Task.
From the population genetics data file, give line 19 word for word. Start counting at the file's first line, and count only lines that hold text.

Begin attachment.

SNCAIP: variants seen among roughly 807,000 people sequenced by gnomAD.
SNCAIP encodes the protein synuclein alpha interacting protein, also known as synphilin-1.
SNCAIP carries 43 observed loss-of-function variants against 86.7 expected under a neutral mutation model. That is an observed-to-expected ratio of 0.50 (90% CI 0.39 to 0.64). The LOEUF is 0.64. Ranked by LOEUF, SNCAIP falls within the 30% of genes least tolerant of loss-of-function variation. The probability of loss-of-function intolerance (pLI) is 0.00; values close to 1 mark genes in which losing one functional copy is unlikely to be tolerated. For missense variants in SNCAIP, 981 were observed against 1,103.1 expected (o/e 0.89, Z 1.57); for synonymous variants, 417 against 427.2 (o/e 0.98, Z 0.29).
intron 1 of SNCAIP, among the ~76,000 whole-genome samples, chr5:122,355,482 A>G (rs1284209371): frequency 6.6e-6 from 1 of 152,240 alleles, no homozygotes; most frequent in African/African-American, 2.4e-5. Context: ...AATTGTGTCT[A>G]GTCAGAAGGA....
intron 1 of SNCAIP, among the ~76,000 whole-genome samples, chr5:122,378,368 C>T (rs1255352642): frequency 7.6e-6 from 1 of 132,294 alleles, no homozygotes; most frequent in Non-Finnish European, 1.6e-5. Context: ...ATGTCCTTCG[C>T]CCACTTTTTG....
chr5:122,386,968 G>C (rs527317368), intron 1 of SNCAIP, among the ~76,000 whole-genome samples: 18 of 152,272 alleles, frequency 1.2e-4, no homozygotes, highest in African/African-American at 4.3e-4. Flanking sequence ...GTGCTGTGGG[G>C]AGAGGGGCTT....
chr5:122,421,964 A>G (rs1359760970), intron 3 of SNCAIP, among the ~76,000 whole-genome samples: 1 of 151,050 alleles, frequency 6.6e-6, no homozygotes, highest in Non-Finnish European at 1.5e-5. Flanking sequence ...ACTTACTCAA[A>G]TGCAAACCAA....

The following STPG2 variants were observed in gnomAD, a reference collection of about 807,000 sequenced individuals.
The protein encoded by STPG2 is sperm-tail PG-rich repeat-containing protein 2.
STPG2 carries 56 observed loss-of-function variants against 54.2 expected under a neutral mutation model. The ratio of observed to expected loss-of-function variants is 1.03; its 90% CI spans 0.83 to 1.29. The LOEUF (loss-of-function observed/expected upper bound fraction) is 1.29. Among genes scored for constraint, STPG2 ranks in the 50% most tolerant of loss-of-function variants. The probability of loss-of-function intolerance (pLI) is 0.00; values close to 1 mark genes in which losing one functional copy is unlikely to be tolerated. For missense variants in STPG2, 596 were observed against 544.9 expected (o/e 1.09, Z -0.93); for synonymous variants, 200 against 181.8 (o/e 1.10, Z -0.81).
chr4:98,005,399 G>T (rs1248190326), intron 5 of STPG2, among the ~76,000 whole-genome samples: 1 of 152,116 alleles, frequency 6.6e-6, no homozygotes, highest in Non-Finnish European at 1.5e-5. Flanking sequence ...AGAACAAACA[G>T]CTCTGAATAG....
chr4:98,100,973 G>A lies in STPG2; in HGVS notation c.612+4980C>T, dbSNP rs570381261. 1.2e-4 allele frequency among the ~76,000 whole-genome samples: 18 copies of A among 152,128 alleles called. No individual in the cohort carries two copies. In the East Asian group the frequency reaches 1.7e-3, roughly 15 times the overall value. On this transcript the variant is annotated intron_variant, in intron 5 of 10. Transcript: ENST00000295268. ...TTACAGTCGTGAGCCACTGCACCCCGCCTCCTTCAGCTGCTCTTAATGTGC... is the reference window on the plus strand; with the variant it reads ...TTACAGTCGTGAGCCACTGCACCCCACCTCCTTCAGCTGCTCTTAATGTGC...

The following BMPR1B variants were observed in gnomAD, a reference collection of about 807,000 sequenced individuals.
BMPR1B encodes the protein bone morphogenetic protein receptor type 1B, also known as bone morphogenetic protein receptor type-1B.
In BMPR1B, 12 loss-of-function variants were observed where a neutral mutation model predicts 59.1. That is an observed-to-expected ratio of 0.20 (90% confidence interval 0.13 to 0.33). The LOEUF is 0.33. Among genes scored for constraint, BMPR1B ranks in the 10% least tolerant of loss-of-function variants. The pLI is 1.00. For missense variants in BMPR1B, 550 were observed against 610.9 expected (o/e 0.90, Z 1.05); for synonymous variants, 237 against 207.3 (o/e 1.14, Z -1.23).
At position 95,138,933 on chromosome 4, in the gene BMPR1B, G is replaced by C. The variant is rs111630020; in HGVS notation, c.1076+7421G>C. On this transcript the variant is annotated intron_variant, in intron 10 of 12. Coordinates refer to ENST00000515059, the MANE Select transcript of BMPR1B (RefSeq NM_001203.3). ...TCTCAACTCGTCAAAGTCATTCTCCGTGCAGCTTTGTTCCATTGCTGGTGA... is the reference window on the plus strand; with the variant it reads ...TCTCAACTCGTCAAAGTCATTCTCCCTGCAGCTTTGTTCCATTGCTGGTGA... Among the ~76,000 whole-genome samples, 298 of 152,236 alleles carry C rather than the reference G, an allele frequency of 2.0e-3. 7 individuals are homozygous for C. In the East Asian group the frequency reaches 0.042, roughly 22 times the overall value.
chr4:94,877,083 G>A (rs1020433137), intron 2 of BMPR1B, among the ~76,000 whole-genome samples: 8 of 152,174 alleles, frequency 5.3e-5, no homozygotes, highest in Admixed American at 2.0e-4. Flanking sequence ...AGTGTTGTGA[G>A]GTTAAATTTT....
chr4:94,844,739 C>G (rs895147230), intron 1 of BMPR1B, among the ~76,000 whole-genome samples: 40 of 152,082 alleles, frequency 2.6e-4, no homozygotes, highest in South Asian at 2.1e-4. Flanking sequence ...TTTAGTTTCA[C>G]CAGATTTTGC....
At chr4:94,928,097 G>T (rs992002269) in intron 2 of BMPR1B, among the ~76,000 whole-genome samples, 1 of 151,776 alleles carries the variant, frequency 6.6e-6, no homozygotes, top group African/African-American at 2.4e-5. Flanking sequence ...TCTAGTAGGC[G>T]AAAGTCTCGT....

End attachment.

At chr4:94,928,097 G>T (rs992002269) in intron 2 of BMPR1B, among the ~76,000 whole-genome samples, 1 of 151,776 alleles carries the variant, frequency 6.6e-6, no homozygotes, top group African/African-American at 2.4e-5. Flanking sequence ...TCTAGTAGGC[G>T]AAAGTCTCGT....